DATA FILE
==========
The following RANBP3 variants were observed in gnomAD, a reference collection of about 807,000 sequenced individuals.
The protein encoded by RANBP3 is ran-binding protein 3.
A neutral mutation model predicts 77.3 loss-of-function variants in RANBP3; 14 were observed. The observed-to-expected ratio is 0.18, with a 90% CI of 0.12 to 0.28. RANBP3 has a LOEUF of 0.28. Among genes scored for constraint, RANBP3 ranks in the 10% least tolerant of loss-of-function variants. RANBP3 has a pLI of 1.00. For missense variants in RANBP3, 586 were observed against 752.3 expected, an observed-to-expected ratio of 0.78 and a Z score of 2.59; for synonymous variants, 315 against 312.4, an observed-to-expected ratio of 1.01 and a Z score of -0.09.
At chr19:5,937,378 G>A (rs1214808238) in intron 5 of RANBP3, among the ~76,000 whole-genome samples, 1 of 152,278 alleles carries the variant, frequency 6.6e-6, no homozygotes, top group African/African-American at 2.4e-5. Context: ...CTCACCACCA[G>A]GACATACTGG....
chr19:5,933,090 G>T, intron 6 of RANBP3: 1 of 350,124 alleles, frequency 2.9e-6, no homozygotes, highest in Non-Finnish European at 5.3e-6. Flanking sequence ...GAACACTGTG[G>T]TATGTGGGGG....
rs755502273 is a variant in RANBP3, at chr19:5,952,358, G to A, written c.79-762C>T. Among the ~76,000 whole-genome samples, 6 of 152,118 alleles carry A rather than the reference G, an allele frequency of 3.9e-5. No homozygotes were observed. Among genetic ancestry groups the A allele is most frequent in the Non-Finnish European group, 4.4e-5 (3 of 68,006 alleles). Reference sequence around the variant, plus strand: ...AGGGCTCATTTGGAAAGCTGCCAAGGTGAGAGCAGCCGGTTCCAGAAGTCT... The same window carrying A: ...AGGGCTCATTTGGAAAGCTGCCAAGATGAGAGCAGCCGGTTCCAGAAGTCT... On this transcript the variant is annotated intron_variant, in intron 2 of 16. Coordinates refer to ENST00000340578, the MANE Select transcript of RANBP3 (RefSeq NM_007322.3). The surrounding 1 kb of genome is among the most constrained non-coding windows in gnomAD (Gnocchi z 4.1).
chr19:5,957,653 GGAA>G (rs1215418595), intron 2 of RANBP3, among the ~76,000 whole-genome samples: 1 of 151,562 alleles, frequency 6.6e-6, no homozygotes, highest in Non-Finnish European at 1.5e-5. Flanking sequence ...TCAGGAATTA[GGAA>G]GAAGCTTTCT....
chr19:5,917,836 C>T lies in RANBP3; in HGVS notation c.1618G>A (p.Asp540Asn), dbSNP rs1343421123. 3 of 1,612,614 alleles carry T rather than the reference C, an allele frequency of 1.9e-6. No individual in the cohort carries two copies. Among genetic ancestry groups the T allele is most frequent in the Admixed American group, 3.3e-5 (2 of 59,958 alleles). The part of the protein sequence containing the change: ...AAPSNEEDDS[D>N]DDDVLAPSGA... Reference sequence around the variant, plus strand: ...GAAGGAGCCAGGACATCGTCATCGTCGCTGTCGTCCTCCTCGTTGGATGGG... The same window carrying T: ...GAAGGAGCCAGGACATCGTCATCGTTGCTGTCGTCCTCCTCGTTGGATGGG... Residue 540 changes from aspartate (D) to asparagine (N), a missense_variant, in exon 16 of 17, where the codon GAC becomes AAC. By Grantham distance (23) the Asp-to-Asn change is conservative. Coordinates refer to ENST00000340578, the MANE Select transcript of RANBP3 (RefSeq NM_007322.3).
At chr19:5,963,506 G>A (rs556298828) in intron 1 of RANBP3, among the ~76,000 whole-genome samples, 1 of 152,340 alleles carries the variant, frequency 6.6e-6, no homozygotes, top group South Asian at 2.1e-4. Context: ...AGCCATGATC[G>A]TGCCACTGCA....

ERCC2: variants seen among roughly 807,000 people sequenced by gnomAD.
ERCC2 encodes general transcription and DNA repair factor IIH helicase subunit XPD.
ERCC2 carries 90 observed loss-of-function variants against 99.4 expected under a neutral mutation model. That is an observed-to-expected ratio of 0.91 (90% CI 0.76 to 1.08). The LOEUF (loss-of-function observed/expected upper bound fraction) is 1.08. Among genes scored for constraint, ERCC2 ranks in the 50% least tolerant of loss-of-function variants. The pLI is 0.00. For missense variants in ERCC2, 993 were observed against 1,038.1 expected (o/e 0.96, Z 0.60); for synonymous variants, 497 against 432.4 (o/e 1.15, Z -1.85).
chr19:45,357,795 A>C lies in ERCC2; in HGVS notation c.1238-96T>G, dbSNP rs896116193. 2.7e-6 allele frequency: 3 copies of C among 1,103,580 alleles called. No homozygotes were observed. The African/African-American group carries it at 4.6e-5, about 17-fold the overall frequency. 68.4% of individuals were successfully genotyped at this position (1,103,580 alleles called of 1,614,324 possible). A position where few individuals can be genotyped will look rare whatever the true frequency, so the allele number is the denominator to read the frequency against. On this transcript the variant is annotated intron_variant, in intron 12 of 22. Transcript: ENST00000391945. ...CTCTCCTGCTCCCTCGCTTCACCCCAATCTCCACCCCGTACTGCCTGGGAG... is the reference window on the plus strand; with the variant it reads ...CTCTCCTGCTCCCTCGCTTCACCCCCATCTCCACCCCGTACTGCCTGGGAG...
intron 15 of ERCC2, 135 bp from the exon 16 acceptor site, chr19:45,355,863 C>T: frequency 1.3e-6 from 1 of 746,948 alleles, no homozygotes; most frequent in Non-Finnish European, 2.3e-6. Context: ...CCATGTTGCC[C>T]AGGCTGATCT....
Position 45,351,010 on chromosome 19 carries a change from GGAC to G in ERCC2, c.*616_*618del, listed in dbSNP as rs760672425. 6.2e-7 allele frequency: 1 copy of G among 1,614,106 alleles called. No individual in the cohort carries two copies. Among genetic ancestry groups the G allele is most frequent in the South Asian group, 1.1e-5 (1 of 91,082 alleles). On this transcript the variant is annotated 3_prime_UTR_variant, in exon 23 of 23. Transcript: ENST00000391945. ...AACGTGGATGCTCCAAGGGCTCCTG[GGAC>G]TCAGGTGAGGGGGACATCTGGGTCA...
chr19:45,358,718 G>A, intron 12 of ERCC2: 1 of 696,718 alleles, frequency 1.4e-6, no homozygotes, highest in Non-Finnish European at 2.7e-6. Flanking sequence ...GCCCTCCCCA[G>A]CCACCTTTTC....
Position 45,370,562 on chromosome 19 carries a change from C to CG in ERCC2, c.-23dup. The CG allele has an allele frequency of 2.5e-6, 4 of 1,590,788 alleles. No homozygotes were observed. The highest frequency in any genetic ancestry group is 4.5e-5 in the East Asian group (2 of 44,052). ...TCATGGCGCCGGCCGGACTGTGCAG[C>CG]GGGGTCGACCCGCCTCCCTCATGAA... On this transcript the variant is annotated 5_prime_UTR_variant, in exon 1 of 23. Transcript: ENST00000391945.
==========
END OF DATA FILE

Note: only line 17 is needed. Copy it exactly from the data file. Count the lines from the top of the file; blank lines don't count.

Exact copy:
Position 45,370,562 on chromosome 19 carries a change from C to CG in ERCC2, c.-23dup. The CG allele has an allele frequency of 2.5e-6, 4 of 1,590,788 alleles. No homozygotes were observed. The highest frequency in any genetic ancestry group is 4.5e-5 in the East Asian group (2 of 44,052). ...TCATGGCGCCGGCCGGACTGTGCAG[C>CG]GGGGTCGACCCGCCTCCCTCATGAA... On this transcript the variant is annotated 5_prime_UTR_variant, in exon 1 of 23. Transcript: ENST00000391945.